Habitable Zones & Global Climate

The Role Of Planetary Interior In The Long-term Evolution Of Atmospheric CO2 On Earth-like Exoplanets

By Keith Cowing
March 17, 2021
Filed under
The Role Of Planetary Interior In The Long-term Evolution Of Atmospheric CO2 On Earth-like Exoplanets
Initial core temperature Tc0 (left), mantle thickness D (center), and surface gravity g (right) as a function of core mass fraction fc and planet mass Mp.

Context: The long-term carbonate-silicate cycle plays an important role in the evolution of Earth’s climate and, therefore, may also be an important mechanism in the evolution of the climates of Earth-like exoplanets.

Aims: We investigate the effects of radiogenic mantle heating, core size, and planetary mass on the evolution of the atmospheric partial CO2 pressure, and the ability of a long-term carbon cycle driven by plate tectonics to control the atmospheric CO2 pressure.

Methods: We developed a box-model which connects carbon cycling to parametrized mantle convection. The carbon cycle was coupled to the thermal evolution via the plate speed, which depends on the global Rayleigh number.

Results: We find decreasing atmospheric CO2 pressure with time, up to an order of magnitude over 10 Gyr. Higher abundances of radioactive isotopes result in higher CO2 pressures. We find a decreasing Rayleigh number and plate speed toward planets with larger core mass fractions fc, which leads to lower atmospheric CO2 pressure. More massive planets may favor the development of more CO2 rich atmospheres due to hotter interiors.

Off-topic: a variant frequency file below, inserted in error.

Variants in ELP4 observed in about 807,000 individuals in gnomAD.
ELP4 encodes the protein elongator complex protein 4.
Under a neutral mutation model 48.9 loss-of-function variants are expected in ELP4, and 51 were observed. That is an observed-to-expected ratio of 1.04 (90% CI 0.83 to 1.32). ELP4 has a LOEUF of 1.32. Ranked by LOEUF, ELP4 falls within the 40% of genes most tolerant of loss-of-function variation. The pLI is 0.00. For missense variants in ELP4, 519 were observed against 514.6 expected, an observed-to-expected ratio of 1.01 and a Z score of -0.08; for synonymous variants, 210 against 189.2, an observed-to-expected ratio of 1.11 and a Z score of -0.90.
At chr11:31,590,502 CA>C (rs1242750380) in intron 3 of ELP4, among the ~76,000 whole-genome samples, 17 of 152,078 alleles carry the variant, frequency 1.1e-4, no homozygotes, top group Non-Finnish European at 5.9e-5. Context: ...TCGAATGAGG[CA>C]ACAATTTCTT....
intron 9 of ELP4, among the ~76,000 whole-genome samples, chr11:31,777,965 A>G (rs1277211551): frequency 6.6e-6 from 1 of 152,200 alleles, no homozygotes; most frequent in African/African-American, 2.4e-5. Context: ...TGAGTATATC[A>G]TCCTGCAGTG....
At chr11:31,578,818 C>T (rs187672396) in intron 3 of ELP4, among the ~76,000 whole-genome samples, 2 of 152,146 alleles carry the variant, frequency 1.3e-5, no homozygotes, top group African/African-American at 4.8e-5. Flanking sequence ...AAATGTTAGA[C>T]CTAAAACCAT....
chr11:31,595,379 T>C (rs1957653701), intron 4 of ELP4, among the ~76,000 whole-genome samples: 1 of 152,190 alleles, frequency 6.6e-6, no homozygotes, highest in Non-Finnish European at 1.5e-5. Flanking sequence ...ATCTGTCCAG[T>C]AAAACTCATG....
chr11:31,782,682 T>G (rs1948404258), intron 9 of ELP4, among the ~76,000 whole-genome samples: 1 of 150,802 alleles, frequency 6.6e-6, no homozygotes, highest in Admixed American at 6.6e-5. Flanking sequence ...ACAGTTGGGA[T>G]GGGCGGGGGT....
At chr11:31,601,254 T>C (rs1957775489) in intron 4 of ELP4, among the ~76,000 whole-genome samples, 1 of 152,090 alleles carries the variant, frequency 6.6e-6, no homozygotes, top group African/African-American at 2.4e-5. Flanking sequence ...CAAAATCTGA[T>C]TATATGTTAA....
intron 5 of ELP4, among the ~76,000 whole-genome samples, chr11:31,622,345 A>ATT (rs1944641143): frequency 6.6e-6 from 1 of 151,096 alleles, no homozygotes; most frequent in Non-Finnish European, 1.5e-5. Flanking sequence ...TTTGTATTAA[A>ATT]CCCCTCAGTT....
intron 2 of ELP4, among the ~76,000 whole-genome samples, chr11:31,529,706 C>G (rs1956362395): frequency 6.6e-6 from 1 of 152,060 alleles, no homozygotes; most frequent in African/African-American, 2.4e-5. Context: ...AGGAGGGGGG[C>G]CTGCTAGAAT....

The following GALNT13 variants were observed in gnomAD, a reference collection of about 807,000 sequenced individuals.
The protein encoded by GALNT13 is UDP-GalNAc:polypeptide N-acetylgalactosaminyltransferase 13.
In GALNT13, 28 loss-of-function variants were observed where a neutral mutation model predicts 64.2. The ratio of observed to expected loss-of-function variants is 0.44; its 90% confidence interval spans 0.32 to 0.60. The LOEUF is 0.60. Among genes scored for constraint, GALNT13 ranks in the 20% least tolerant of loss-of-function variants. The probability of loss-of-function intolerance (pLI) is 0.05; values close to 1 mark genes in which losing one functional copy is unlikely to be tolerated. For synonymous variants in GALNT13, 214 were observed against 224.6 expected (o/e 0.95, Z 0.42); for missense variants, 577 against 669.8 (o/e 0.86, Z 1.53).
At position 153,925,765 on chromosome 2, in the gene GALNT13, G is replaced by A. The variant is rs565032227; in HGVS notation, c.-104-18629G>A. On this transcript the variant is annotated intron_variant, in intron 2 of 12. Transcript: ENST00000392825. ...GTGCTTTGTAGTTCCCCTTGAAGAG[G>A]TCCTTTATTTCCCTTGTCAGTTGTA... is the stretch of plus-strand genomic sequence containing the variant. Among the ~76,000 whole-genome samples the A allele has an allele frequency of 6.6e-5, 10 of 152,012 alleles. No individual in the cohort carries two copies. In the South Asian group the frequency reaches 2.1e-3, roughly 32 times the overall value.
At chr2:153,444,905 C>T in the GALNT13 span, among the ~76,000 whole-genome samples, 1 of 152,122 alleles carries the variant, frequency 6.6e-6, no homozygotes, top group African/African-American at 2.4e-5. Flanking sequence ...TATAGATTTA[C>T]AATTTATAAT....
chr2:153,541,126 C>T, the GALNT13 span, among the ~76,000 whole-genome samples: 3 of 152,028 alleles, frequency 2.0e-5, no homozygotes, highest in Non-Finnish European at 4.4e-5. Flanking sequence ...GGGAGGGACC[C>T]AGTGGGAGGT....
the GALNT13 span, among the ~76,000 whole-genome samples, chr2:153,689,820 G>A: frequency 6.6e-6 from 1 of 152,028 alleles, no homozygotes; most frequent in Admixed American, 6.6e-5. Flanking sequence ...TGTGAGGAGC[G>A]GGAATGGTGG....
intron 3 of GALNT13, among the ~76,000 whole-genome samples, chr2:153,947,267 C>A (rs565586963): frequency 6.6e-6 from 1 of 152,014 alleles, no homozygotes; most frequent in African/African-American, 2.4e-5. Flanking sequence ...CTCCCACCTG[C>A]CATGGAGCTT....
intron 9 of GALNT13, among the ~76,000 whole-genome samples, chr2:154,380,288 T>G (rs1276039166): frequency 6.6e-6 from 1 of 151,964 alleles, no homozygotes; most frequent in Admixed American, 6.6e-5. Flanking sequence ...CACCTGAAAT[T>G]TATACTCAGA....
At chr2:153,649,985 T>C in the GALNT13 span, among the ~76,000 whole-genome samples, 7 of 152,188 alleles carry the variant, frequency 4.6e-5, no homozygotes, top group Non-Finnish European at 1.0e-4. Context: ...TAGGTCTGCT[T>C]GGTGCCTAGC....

Conclusions: The dependence of plate tectonics on mantle cooling has a significant effect on the long-term evolution of the atmospheric CO2 pressure. Carbon cycling mediated by plate tectonics is efficient in regulating planetary climates for a wide range of mantle radioactive isotope abundances, planet masses and core sizes. More efficient carbon cycling on planets with a high mantle abundance of thorium or uranium highlights the importance of mapping the abundances of these elements in host stars of potentially habitable exoplanets. Inefficient carbon recycling on planets with a large core mass fraction (fc≳0.8) emphasizes the importance of precise mass-radius measurements of Earth-sized exoplanets.

M. Oosterloo, D. Höning, I. E. E. Kamp, F. F. S. van der Tak

Comments: 20 pages, 16 figures, to appear in Astronomy & Astrophysics
Subjects: Earth and Planetary Astrophysics (astro-ph.EP)
DOI: 10.1051/0004-6361/202039664
Cite as: arXiv:2103.09505 [astro-ph.EP] (or arXiv:2103.09505v1 [astro-ph.EP] for this version)
Submission history
From: Mark Oosterloo
[v1] Wed, 17 Mar 2021 08:29:14 UTC (413 KB)

Explorers Club Fellow, ex-NASA Space Station Payload manager/space biologist, Away Teams, Journalist, Lapsed climber, Synaesthete, Na’Vi-Jedi-Freman-Buddhist-mix, ASL, Devon Island and Everest Base Camp veteran, (he/him) 🖖🏻